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I am reading a file to the structs, then write them to the server. Here is a snippet of code:

struct b{
uint16_t num;
char str[10];
} x;
 struct a{
 uint32_t pid;
 char str1[10];
 char str2[10];

} y;

while(fscanf(fp,"%s",buff) != EOF)
c = getchar();
if (c == '\n')

buff[i]= c ;

write(fd, &b,sizeof(b))

Text File Format

  • 123
  • George
  • Lee

  • How do I read and store the file to each struct?

  • When I write to a server, does it look like

  • write(fd, &a,sizeof(struct a)). write(fd,&b,sizeof(struct b))? How to ensure correct padding, endianness

This is how I run the file : /a.out IP PORT < file.txt

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possible duplicate of Sending struct over TCP (C-programming) –  Brian Roach Apr 18 '11 at 23:26
Welcome to Stack Overflow! Before asking new questions, please use the search. Many questions have already been asked on SO and you may find your answer instantly. –  Brian Roach Apr 18 '11 at 23:27
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2 Answers

When you say "read and store the file to each struct", could you clarify that question?

To ensure the right padding and endian-ness, you have to do two things:

  1. Send the struct one field at a time. It is a pain. Since you are declaring each struct member as a uint16_t type (and from that family), sizeof() will give you the same answer across all platforms.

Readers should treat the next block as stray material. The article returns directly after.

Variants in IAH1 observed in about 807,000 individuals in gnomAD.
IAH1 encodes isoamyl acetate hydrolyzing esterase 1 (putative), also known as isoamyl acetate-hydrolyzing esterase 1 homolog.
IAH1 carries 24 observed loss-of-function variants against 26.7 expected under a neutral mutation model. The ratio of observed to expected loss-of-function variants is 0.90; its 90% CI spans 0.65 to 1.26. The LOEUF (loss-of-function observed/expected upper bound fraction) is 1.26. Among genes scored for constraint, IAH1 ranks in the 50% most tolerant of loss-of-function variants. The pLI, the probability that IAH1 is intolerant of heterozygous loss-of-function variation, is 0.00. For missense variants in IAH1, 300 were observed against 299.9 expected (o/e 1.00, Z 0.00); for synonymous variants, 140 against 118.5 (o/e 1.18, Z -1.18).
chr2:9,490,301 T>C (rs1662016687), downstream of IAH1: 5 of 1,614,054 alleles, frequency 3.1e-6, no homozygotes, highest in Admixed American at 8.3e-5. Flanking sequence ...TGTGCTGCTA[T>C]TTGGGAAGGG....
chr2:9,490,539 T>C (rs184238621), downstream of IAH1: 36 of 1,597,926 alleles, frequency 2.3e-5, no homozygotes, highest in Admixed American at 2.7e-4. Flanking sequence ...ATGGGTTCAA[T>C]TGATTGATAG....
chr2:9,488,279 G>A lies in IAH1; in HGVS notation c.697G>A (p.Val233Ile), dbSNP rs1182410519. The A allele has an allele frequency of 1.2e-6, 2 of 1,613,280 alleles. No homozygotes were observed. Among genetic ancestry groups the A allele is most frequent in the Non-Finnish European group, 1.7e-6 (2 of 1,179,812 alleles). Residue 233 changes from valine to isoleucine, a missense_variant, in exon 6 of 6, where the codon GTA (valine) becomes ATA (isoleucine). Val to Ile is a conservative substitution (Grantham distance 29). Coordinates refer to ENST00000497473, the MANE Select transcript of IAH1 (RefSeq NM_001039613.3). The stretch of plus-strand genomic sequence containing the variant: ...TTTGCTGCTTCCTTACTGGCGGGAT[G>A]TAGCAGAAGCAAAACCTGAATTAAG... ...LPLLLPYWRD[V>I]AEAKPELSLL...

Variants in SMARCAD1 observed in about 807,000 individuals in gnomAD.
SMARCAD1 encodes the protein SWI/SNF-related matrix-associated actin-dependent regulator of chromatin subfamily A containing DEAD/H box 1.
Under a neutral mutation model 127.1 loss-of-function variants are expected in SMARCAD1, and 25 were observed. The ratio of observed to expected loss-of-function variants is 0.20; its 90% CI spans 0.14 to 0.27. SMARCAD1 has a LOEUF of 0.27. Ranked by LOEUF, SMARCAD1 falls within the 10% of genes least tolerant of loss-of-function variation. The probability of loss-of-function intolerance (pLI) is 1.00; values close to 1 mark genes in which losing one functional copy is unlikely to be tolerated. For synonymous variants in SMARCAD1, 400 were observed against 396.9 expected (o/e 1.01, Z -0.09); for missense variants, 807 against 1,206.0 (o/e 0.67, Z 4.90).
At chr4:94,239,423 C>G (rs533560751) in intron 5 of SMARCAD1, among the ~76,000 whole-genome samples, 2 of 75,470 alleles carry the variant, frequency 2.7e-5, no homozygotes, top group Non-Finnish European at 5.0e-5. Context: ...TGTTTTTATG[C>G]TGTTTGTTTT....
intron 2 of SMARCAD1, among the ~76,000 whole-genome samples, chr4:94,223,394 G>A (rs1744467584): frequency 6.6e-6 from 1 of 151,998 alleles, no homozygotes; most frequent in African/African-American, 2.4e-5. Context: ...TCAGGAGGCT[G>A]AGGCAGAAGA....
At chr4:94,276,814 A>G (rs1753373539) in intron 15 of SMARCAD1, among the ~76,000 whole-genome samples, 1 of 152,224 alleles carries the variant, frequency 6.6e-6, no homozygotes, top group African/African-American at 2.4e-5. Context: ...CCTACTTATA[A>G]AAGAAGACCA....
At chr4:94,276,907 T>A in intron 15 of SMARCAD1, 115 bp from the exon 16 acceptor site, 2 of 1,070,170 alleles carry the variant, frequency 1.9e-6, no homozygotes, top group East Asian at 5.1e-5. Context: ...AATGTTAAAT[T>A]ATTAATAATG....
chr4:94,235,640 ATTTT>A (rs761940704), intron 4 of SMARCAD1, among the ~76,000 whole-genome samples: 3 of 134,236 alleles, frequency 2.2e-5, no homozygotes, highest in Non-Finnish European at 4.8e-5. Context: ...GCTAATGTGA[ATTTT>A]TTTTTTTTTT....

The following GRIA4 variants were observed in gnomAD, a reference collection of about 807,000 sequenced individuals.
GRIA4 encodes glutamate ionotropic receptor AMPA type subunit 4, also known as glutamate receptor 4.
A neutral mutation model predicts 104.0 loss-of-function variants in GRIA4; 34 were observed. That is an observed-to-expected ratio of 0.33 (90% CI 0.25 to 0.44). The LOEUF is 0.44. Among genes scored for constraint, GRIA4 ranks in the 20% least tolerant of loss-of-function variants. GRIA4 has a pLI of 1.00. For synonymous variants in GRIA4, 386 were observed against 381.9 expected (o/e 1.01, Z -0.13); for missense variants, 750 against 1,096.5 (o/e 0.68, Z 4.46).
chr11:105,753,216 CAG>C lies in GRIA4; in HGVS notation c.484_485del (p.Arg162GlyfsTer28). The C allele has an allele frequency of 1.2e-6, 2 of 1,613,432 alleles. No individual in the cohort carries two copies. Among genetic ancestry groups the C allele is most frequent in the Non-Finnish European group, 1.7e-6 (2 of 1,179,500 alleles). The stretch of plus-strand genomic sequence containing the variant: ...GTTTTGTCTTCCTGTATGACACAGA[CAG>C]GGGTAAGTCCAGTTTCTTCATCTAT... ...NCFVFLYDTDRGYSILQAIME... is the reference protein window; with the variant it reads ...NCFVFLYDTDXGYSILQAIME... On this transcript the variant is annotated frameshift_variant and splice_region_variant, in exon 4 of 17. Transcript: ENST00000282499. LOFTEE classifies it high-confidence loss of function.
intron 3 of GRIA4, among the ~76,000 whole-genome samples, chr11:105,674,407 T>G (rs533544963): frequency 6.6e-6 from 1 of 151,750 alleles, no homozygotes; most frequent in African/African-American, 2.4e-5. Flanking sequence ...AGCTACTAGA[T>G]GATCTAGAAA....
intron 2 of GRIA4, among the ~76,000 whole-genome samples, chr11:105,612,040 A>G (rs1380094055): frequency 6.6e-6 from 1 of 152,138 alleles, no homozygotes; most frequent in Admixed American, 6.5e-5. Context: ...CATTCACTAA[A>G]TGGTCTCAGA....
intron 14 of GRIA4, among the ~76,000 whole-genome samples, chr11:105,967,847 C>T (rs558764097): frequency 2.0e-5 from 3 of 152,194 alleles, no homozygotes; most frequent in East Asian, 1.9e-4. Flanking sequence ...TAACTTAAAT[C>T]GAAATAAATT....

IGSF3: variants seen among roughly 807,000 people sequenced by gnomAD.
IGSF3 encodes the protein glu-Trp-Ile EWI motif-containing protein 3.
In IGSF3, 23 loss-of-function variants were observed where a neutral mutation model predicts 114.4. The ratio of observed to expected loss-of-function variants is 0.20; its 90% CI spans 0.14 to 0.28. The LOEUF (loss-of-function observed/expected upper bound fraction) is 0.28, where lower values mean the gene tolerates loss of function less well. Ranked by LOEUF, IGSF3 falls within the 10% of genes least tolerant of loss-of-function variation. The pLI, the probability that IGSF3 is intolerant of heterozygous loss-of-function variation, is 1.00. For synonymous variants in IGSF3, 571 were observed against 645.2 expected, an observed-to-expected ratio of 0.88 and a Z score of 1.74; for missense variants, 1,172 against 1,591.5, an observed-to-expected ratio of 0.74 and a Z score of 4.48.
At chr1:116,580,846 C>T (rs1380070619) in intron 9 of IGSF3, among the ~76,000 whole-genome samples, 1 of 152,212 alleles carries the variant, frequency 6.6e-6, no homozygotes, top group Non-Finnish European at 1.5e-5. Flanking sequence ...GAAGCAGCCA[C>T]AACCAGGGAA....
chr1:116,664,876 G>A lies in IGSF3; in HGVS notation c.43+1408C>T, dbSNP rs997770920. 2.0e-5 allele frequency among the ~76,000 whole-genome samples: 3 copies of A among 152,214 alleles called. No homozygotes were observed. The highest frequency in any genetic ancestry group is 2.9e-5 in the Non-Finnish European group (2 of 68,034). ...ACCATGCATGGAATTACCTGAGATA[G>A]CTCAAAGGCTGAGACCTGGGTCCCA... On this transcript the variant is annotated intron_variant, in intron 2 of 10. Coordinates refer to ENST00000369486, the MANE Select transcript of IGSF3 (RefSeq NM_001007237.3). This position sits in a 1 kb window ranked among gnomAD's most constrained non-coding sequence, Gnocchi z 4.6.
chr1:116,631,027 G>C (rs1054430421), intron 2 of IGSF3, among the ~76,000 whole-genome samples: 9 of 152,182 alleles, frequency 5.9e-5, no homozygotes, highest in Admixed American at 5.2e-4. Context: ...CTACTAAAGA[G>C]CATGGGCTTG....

2. TO ensure endianness, you have to use the host-to-network-order family. See: http://www.gnu.org/s/hello/manual/libc/Byte-Order.html

  3. When you do this, you have to use htons() (host to network short) when sending and then ntohs() (network to host short) when receiving. For each member of your struct.

Often people ignore this; if both machines are modern Intel boxes, which is true for the vast majority of us, you can get away with the code you have for sending structs. But like you have mentioned, that doesn't gaurantee padding and endinaness!

You could also use the #pragma pack() GNU directives for specifying how padding should be handled. This works if you can rely on the GNU toolchain for both your client and server, as that is not part of the C specification.

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Don't use send/recv (sockets) or read/write (file descriptors) with structures. It's virtually guaranteed to break later on. Among other problems, the padding and/or alignment of the structure members can change depending on the compiler, the compilation options, and the environment.

Instead, marshal the data into an independent format (like text) and send that. If the data must be absolutely the same on both sides, encode it into base 64 and prepend a checksum.

If you absolutely must transmit binary data, remember to convert each of the structure members to network byte order (man byteorder) and send each one individually.

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